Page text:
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Excelled in High School but Struggling in College: CU Boulder


“They had such good grades in high school and didn’t even need to study, but they’re really struggling now at CU.”

We frequently hear this story from parents, especially parents of high-achieving students.

In high school, many intelligent students are successful without having to develop good study habits or learn how to manage their time. Based on our experience as CU Boulder alumni and academic coaches, let’s get into why this happens and provide some practical tips to support your student’s success at CU.

Why High School Success Doesn’t Always Translate to College

Before diving into the solutions around helping your student improve academically, we want to expand on some of the root causes that can result in a student who excelled in high school finding themselves struggling in college.

1. Not Understanding How to Study: Many smart students cruise through high school without developing study habits. It’s not that they were trying to outsmart the system, their intelligence simply carried them through classes and there was no need to learn how to study.

2. Time Management Challenges: In high school, parents and teachers provide structure and reminders. College life demands a new level of independence and self-management, which can lead to difficulty initiating tasks, procrastination, and missed deadlines.

3. Overwhelmed by Independence: The freedom of college life can be challenging – and distracting. Hours can slip away on social media or hanging out with friends, leading to last-minute cramming and increased stress.

4. Organizational Overload: Intelligent students often rely on keeping information in their heads. As coursework intensifies and the to-do list gets longer, this becomes unsustainable, resulting in forgotten assignments and increased anxiety.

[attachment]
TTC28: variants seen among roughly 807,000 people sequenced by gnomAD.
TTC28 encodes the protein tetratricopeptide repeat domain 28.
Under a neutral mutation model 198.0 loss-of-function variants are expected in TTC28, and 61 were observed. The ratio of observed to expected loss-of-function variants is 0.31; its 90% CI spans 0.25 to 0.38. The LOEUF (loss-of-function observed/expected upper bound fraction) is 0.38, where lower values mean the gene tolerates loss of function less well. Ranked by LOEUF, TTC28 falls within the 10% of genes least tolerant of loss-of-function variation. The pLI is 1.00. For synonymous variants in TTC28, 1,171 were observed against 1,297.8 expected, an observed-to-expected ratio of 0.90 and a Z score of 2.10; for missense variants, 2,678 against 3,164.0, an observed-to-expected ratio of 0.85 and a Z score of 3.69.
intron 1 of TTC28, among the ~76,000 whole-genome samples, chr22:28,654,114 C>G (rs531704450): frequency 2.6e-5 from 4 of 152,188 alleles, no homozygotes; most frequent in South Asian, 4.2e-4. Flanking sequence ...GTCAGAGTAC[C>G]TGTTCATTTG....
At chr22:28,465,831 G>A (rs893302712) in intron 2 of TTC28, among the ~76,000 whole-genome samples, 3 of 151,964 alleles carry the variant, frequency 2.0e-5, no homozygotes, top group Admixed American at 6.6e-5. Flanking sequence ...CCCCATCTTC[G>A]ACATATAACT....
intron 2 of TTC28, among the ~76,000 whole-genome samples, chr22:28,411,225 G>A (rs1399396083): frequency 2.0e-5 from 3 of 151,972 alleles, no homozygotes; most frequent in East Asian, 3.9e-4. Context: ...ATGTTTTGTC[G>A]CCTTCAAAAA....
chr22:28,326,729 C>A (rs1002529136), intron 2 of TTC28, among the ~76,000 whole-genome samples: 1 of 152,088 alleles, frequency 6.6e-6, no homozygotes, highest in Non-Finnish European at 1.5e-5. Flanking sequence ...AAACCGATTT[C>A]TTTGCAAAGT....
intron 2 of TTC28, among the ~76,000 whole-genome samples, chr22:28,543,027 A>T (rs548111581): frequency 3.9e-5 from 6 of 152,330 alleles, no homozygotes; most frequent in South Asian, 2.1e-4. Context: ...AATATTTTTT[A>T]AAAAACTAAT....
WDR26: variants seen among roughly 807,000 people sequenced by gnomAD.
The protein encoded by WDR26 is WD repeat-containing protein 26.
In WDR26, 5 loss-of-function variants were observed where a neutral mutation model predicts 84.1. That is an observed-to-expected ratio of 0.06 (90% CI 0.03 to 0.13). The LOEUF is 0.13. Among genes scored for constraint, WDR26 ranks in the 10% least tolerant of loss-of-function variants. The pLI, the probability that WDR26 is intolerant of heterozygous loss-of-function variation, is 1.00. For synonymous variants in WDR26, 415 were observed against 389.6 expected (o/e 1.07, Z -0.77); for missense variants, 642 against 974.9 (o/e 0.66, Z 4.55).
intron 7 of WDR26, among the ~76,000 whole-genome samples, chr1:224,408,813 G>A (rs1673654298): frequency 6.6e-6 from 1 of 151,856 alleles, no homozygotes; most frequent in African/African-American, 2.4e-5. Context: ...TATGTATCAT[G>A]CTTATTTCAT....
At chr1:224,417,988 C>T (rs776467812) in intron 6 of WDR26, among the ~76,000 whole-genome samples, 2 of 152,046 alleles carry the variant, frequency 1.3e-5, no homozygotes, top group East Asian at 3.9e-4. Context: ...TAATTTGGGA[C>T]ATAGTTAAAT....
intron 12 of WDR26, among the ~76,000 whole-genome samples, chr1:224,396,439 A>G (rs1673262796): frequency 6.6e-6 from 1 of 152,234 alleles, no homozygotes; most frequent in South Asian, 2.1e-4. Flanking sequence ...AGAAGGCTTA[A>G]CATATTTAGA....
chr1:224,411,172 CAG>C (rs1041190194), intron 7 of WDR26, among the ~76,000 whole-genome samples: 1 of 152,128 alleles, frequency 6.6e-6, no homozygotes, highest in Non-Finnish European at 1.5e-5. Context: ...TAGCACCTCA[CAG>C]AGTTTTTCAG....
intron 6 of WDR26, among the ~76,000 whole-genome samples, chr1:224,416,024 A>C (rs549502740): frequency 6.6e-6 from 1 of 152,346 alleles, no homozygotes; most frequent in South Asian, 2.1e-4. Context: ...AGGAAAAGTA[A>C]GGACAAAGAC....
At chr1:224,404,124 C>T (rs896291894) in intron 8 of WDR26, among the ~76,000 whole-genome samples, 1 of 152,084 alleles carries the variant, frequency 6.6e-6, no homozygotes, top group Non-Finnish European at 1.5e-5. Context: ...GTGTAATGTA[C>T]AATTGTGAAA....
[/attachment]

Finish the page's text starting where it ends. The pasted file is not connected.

5. Accountability Shift: Some students struggle with suddenly taking all responsibility for their own academic progress, which can lead to procrastination and a lack of engagement with coursework.

It’s worth noting that this transition can be particularly challenging for certain majors. As one Untapped Learning staff member and CU graduate notes, “It’s not uncommon for certain majors at CU, like aerospace engineering, to present a steep learning curve even for high-achieving students with good study habits.”

Practical Tips for Parents: How to Help Your CU Boulder Student From Afar

As your student navigates the challenges of college life at CU Boulder, you can offer support and guidance in several ways, even from a distance.

1. Getting Started with an Academic Routine

One CU graduate on our staff emphasizes, “Set an academic routine so you can plan your ‘social life’ around that. If you don’t have an academic routine, getting behind and trying to catch up takes time away from being social anyway.”

Many students struggle with the concept of “getting organized.” Help your student create a structured routine by building some type of organizational system. This system should include:

  • Class times
  • Dedicated study hours for each course
  • Buffer time for assignments that may take longer than expected
  • Regular review sessions to prevent last-minute cramming
  • Time for breaks, meals, and self-care activities

Show your student how to break down larger projects into smaller, manageable tasks with individual deadlines. This strategy makes large assignments feel less overwhelming and decreases the urge to procrastinate.

Remember, this organizational system is a starting point, not the final version. The key is moving tasks and deadlines out of your students’ heads and into a system. As your student makes progress, they can refine and adjust this system so it provides the structures and supports they need most. 

2. Learning Time Management and How to Study

Many students arrive at CU Boulder without learning to study effectively or manage their time. Here’s how you can guide your student to develop these skills:

Encourage Active Studying Techniques: 

  • Summarizing information in their own words 
  • Teaching concepts to others to reinforce understanding 
  • Using the notecard/1-page method for condensing and reviewing key information
  • Incorporating movement before study sessions (like a quick workout at the rec center) to boost focus and energy.

Introduce Time Blocking: